The 2010 Census used only a short form asking ten basic questions: How many people were living or staying in this house, apartment, or mobile home on April 1, 2010? Were there any additional people staying here on April 1, 2010 that you did not include in Question 1? Mark all that apply: Is this house, apartment, or mobile home – What is your telephone number? What is Person 1's name? What is Person 1's sex? What is Person 1's age and Person 1's date of birth? Is Person 1 of Hispanic, Latino, or Spanish origin? What is Person 1's race? Does Person 1 sometimes live or stay somewhere else? The form included space to repeat all of these questions for up to twelve residents total. In contrast to the 2000 census, an Internet response option was not offered, nor was the form available for download. Detailed socioeconomic information collected during past censuses will continue to be collected through the American Community Survey; the survey provides data about communities in the United States on a 1-year or 3-year cycle, depending on the size of the community, rather than once every 10 years.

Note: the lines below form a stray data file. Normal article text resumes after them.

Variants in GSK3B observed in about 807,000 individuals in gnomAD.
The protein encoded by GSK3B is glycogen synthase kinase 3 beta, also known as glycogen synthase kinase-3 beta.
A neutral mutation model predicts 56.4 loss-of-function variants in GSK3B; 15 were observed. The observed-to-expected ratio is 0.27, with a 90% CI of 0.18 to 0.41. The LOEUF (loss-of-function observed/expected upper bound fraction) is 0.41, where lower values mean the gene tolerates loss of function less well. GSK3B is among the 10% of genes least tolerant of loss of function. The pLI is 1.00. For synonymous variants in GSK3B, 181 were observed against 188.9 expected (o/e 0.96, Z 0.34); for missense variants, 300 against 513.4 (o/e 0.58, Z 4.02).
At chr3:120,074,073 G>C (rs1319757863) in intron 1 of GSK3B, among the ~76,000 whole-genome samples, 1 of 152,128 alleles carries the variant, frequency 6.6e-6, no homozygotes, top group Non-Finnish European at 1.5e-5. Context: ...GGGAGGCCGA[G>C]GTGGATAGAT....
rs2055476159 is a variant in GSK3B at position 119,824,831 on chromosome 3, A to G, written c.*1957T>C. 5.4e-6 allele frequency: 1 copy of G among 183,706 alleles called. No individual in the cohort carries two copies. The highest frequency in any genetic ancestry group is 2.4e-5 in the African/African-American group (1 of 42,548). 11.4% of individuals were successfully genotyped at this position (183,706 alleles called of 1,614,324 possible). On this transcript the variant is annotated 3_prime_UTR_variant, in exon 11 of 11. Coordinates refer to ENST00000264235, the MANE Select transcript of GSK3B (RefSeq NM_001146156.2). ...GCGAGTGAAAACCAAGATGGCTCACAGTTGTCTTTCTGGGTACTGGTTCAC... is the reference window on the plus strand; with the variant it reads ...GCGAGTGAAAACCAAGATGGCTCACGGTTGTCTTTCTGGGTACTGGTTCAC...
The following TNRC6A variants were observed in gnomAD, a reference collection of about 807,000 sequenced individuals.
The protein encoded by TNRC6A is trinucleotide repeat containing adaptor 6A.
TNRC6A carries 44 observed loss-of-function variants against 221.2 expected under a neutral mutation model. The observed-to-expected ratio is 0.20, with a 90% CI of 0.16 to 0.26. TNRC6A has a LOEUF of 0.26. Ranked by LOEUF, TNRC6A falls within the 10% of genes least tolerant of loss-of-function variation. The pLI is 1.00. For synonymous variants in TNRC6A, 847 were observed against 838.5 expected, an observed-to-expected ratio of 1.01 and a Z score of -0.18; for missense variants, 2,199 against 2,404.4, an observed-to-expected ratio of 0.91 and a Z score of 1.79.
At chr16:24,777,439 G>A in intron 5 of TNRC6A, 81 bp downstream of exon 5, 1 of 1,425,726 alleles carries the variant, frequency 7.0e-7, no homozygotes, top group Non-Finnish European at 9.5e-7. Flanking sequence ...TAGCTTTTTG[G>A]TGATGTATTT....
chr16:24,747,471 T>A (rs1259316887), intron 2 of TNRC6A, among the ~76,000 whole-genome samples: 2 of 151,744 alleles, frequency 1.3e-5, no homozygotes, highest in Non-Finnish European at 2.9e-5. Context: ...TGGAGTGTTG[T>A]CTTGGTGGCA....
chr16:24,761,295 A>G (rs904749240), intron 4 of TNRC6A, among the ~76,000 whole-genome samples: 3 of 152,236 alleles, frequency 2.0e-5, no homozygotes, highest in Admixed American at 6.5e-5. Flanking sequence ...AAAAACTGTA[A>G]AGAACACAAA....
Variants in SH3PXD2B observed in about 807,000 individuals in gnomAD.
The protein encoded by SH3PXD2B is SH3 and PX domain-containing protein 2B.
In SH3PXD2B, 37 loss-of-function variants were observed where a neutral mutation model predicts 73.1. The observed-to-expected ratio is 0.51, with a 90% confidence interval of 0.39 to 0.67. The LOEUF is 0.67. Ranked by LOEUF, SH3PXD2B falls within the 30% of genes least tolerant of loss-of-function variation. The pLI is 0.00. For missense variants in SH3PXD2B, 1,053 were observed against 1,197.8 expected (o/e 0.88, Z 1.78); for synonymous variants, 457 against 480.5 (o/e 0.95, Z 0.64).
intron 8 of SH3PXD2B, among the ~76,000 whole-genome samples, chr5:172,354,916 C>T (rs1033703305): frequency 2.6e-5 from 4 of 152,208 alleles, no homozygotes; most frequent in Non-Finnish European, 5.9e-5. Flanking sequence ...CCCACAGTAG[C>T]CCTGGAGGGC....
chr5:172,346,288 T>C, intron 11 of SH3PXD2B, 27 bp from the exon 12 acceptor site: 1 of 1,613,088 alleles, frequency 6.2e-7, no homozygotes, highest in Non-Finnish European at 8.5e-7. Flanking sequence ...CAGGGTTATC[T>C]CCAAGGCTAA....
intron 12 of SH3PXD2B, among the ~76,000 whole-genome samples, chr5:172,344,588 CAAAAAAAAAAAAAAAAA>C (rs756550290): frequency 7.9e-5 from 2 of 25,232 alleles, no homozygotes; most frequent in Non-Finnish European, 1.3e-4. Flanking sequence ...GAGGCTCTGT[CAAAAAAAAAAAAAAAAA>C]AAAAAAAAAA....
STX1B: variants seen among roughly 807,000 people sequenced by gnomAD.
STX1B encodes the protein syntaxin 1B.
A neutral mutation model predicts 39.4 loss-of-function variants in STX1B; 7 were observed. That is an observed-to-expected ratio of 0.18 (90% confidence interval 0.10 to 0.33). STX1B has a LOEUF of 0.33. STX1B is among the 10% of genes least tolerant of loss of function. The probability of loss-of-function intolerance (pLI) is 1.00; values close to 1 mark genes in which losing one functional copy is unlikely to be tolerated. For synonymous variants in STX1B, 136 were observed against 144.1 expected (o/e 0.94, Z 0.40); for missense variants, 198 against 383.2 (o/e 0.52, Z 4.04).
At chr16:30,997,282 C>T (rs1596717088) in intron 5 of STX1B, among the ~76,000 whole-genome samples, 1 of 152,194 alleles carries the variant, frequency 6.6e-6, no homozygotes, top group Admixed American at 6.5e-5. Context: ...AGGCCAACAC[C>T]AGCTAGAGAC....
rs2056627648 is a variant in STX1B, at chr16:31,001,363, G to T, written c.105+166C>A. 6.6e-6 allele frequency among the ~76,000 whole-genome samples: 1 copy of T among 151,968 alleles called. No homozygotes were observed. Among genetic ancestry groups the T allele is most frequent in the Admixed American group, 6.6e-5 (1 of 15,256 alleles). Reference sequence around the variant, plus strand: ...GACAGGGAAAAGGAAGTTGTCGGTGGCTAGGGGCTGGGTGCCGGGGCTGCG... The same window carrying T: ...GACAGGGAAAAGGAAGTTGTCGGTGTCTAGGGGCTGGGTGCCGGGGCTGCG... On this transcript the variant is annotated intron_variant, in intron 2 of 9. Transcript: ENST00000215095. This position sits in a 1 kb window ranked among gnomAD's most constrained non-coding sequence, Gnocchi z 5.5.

A small percentage of the population on a rotating basis will receive the survey each year, no household will receive it more than once every five years. In June 2009, the U. S. Census Bureau announced. However, the final form did not contain a separate "same-sex married couple" option; when noting the relationship between household members, same-sex couples who are married could mark their spouses as being "Husband or wife", the same response given by opposite-sex married couples. An "unmarried partner" option was available for couples; the 2010 census cost $13 billion $42 per capita. Operational costs were $5.4 billion under the $7 billion budget. In December 2010 the Government Accountability Office noted that the cost of conducting the census has doubled each decade since 1970. In a detailed 2004 report to Congress, the GAO called on the Census Bureau to address cost and design issues, at that time, had estimated the 2010 Census cost to be $11 billion. In August 2010, Commerce Secretary Gary Locke announced that the census operational costs came in under budget.
Locke credited the management practices of Census Bureau director Robert Groves, citing in particular the decision to buy additional advertising in locations where responses lagged, which improved the overall response rate. The agency has begun to rely more on questioning neighbors or other reliable third parties when a person could not be reached at home, which reduced the cost of follow-up visits. Census data for about 22% of U. S. househol